8a – Filter Modulation
First things first, I patched the Modulation Out of the keyboard to the CV input on the Quad VCA’s VCA 2. This way, I can control the modulation amount of the OSC 3 signal. This doesn’t control the frequency, just the amplitude of the OSC 3. The frequency is controlled by the VCO’s frequency knob, or if you have the Keyboard CV Out turned up on OSC 3 Mix, that will also control it. Anyway, I patched the output of OSC 3 Noise Mix into the IN of VCA 2 on the Quad VCA. I routed the OUT of VCA 2 to MULT 5. I used MULT 5 to send signal to the Filter Mod Mix and the oscillator section. We will get to the oscillator part. I patched MULT 5 to IN 2 of the Filter Mod Mix. Finally, the output of the Filter Mod Mix is routed to CV1 (the Frequency control) of the filter. Now, all my modulation sources could control the frequency of the filter. I know that’s a lot!
Here is the basic breakdown. The keyboard Modulation Out goes to the CV input up on VCA 2. OSC 3 Noise Mix (LFO) goes to the input of VCA 2 and then out to a mult. The mult then goes to the Filter Mod Mix. This signal, combined with the Keyboard CV Out (Key Follow) and ENV 1 (ADSR), are mixed at the Filter Mod Mix. Filter Mod Mix goes to CV 1 (Frequency) of LPF.
8b – Pitch Modulation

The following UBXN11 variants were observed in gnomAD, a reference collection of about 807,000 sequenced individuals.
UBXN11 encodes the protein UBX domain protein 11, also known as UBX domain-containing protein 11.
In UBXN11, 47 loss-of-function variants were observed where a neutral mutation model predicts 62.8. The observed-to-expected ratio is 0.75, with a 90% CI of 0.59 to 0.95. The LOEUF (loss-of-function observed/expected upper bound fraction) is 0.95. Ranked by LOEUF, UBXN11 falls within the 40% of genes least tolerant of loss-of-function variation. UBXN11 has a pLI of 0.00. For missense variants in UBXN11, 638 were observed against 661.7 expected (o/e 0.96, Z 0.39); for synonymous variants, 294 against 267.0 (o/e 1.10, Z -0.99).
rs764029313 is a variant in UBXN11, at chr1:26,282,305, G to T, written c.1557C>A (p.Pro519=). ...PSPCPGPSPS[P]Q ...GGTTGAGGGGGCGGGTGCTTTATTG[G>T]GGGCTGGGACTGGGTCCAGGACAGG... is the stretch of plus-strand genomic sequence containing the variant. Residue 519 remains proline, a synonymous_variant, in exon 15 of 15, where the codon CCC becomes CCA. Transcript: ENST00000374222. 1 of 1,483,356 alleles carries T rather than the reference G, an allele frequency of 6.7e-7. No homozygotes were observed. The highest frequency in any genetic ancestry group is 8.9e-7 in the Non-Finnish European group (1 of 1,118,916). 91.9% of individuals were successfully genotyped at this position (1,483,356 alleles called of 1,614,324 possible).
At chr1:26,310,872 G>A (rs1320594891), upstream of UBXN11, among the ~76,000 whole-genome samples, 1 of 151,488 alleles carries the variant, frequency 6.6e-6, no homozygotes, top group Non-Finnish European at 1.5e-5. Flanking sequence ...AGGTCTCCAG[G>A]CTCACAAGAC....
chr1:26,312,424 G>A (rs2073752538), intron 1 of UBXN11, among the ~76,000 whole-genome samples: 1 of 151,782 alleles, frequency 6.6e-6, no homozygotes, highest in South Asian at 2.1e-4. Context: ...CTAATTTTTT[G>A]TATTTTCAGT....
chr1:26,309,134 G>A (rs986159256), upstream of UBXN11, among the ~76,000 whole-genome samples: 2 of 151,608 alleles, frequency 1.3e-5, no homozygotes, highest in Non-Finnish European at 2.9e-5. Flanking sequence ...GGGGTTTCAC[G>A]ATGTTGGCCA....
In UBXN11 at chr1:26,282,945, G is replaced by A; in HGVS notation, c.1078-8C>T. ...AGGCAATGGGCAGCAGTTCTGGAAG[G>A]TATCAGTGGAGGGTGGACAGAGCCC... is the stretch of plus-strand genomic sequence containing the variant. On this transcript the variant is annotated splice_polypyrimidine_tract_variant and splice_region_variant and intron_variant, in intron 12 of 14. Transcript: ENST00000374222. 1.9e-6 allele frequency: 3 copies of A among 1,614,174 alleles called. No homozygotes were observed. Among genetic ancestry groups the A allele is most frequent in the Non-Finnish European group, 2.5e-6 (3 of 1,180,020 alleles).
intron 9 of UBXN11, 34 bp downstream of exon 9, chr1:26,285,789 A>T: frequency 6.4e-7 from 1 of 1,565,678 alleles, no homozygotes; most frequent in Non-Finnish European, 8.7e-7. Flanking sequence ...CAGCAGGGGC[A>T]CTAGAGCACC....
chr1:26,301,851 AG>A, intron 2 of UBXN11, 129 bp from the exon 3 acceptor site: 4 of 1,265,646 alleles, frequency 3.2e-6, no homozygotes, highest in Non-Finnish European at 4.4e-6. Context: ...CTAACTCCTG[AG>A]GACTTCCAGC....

Let’s pick up pitch modulation at MULT 5. Patch point 3 of MULT 5 needed to be sent to the IN of VCA 1 on the Quad VCA. I did not patch anything into the CV input on this VCA. I used this as an attenuator to control the amount of pitch modulation for the oscillator section. I took OUT of VCA 1 to MULT 1. I patch the remaining 3 outputs of MULT 1 into IN 2 on OSC 1 Mix, OSC 2 Mix, and OSC 3 Mix, respectively. All our patching is now done!
V. Testing the System
To be clear, I tested each step as I went along. I actually tested each step separately with a basic one-oscillator audio signal flow just to be sure I got all the routing right. It would have been a nightmare getting to the end and trying to troubleshoot — figuring out what was and wasn’t working. Also, setting the mixer values to full does not always create a desirable result. It can cause distortion in different places, both in the audio and CV paths. The only place I would start at full value is the keyboard’s CV inputs into OSC Mixes.
Here is the basic breakdown of testing the synth. I started by getting a simple sine wave through the audio path to the output. I turned up the Level 1 on the Audio Mixer, opened up the filter frequency, turned up the VCA 3 CV control knob on the Quad VCA, and brought up the Channel A In Level on the Rosie. At this point, I had a constant drone. I then went through the tuning process again. I tweaked the controls of the slew generator until I got my subjectively desired results. Next, I tested ENV 2. I turned the CV control for VCA 3 on the Quad VCA and adjusted the Envelope and CV controls on the VCA until I got a nice, fast but bubbly attack, a long sustain, and a medium release and made sure the VCO audio closed all the way. Once again, it took some tweaking of the controls to get this right.